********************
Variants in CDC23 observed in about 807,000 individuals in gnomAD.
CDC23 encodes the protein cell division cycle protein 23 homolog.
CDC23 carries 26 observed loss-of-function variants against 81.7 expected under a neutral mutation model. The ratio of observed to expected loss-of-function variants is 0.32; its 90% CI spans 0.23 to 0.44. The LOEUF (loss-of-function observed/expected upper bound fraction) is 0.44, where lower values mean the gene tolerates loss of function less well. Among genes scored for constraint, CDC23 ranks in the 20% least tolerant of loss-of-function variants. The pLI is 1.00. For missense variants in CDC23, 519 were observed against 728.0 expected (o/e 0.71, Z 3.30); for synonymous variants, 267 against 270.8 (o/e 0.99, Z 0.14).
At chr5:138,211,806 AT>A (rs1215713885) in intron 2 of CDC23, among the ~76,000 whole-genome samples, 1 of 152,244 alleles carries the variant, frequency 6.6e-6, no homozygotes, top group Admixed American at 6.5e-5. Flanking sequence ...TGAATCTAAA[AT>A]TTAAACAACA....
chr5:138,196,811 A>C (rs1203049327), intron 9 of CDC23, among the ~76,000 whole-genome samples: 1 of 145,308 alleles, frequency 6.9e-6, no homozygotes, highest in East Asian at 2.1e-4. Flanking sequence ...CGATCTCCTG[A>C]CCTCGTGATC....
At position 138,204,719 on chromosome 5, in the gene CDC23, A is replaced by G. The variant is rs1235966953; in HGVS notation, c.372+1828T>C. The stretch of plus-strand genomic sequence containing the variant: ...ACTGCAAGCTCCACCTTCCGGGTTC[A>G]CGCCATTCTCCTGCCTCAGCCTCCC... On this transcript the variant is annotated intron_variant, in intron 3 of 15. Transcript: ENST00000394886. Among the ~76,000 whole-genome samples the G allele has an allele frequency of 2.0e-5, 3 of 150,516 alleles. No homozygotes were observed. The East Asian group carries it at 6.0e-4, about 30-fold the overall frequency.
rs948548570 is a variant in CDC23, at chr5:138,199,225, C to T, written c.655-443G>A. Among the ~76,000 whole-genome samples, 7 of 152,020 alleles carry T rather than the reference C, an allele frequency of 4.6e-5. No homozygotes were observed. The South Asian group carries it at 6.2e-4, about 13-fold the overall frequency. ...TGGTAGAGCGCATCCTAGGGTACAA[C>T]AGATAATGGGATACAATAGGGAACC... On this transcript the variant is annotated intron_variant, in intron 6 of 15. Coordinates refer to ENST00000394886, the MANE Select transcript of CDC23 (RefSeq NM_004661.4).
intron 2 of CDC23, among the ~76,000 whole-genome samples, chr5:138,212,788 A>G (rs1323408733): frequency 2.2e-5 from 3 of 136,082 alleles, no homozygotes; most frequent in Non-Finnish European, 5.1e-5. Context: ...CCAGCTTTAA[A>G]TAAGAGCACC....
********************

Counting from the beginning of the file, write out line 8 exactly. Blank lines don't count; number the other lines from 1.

intron 2 of CDC23, among the ~76,000 whole-genome samples, chr5:138,212,788 A>G (rs1323408733): frequency 2.2e-5 from 3 of 136,082 alleles, no homozygotes; most frequent in Non-Finnish European, 5.1e-5. Context: ...CCAGCTTTAA[A>G]TAAGAGCACC....